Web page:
The Cañon del Sonche
I was now on an archeological roll, so it did not phase me when I booked the bus tickets from Chachopoyas to my next destination, Huaraz in the Cordillera Blanca, it meant two night buses and a full day’s stopover in between in the Pacific town of Trujillo. Trujillo was another veritable treasure chest of ancient Peruvian excavations.
On arrival at the brand new Trujillo bus terminal I cajoled the bus company that was going to take me to Huaraz into storing my luggage for the day and without that encumbrance felt adventurous enough to test the local transport system and resorting to Spanglish asked every passing bus whether it was going to the Centro, and eventually got the nod and made it safely to the Plaza de Armaz. There I just had to look a little helpless and long before short I had various touts offering me full day tours to see the sights, and with a bit of bartering I found myself on a mini bus with 15 other tourists heading out to the first mighty excavation site of Las Huacas del Sol y de la Luna (the Temples of the Sun and the Moon) dating back 1500 years to the Moché Dynasty. I snapped away furiously to try and capture the painstaking work these obviously passionate archaeologists had done over the years. Everything is under roof to try and protect the reliefs and the colours from the relentless sun and the wind. One thing I also did not know about Peru is that the coastal strip leading up to the Andean Cordilleras is mainly desert landscape reminiscent of the moon. I have taken the liberty of “stealing” a couple of photos posted on TripAdvisor because guess what? Somewhere between our morning and afternoon sightseeing session I managed to lose yet another camera!
The Huaca del Sol has been ravaged by the elements and is not open to the public. 140million adobe bricks were used to build this pyramid like structure.
Restoration work done to the Huaca de la Luna
In the afternoon, sans camera, our little troupe headed on to the largest adobe city in the world, ChanChan. From a distance it looked like part of the desert moonscape, but this city at its zenith around 1300AD housed more than 60 000 people with palaces lined with precious metals, which eventually were looted by the gold hungry Spanish Conquistadors.
ChanChan excavation captured on my iPhone camera
A mangy specimen of a Peruvian Hairless dog. From ceramic depictions going back to the Chimú and Moché dynasties we know that these dogs were already bred that far back.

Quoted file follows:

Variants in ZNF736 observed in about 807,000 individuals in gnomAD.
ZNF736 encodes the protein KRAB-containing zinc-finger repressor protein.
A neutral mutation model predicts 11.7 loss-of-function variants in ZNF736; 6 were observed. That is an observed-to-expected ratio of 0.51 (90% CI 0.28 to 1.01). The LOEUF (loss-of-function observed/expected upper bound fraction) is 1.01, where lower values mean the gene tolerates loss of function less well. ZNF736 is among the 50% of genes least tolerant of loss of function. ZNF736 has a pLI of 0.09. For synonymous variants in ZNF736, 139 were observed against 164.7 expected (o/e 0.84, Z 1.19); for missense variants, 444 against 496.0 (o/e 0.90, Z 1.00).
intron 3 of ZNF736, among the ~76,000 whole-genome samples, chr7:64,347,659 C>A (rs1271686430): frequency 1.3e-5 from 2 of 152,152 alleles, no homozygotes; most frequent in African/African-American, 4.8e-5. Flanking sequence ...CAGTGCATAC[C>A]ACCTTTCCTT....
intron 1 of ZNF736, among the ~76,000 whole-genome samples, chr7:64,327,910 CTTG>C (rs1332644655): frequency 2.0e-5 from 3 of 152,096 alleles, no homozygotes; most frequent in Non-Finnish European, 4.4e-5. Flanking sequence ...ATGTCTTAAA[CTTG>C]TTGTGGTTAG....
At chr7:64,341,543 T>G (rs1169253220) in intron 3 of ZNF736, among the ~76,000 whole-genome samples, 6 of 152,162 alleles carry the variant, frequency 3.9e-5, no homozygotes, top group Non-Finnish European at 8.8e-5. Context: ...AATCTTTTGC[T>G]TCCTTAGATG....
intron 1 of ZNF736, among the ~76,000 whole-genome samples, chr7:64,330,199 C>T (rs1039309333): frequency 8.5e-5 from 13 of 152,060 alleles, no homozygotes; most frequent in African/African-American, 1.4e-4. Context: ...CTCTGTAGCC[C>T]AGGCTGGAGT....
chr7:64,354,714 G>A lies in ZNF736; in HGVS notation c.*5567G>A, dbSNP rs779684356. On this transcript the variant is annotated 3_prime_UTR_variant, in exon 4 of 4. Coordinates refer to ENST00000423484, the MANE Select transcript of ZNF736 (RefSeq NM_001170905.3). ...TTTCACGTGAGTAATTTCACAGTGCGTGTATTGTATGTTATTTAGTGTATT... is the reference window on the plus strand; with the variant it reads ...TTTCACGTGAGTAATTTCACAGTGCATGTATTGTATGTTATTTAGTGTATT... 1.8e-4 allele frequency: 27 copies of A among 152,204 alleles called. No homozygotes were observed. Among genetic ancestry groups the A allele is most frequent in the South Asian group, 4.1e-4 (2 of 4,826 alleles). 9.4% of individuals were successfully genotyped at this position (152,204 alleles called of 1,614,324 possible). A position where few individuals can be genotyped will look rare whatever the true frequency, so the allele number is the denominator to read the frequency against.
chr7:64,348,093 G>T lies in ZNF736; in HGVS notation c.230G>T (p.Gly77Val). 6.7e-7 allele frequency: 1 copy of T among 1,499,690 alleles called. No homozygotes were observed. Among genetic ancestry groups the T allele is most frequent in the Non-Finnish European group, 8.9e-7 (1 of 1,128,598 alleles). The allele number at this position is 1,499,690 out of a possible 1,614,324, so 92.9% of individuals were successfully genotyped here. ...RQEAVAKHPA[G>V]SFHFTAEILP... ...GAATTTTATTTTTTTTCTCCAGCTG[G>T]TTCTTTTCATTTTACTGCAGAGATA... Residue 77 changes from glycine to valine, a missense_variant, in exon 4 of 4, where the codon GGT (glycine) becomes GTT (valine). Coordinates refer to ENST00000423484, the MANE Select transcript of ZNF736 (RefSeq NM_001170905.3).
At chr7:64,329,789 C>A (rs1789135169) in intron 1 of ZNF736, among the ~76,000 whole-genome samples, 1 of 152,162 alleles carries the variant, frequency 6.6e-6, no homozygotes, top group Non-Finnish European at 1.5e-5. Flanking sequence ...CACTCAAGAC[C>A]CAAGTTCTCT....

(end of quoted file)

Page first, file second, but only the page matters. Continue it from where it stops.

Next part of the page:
What a contrast in scenery, leaving behind the barren coastal desert and peering out of the bus window after yet another night journey on to the breathtaking early morning views of the snow covered peaks of the Cordillera Blanca, the highest mountain range in the world outside the Himalayas.
The colourful town of Huaraz is the starting point for what must rate some of the best hiking routes in the world. My path crossed with my travel compatriots Florence and Richard, who had just returned all agog from a 4 day trek through the Parque Nacional Huascarán, and although I was tempted to follow in their footsteps I eventually settled for a one day hike to the much lauded Laguna 69, a high altitude lake within the Parque. We were to set off from Huaraz at 5 am in the morning, but I am embarrassed to admit that my first attempt at this hike was thwarted when my alarm clock did not go off and even though I threw myself into my clothes and tore down to catch the bus all I saw was its tail lights disappearing around the corner. And, sorry for me, a refund was not forthcoming. The next day I made sure I was ready and waiting at the alloted time.
Suffice to say that this hike exceeded any of the superlatives I could ever conjur up. It was a challenge mainly due to the altitude of 4 600m above sea level, but even though I huffed and puffed like an old steam train, the final destination was worth every torturous step.
The magnificent Laguna 69 surrounded by some 6000+ meter peaks.
Photo opportunities abound. Thank goodness I managed to purchase a replacement camera in Huaraz.
Some surreptitious pictures taken just outside my hotel
And finally I was heading to Lima. Although overnight buses are practical because they save you one nights accommodation and so far have been surprisingly comfortable, you do miss out on the landscape of the surrounding countryside, so for this leg I decided to take a day bus. Also, Indira was adamant that she would meet me on arrival and accompany me to her home and I think it would have been a bit presumptuous to ask her to get up at sparrows and then fight her way through big city peak time traffic.
Once our bus had descended back to sea level onto the Great Pan-Americana I was fascinated to see that the coastal desert literally ended in the Pacific, and an interesting piece of trivia I picked up from my trusted Lonely Planet was that Lima is the second driest capital in the world next to Cairo.
On first sight the sprawling metropolis of Lima with its 9 million inhabitants is not a hugely appealing city. If I were asked how to describe it in one word I would say “grey”. The sky was grey, the buildings and dwellings crawling up the surrounding grey hillsides are adobe grey, even the trees looked grey. Yet in spite of its apparent drabness it is chaotic and vibrant and rich in culture. The Limeños are kind and generous and respectful to a fault and the food, ah the food, is the best I have tasted on all my travels in South America.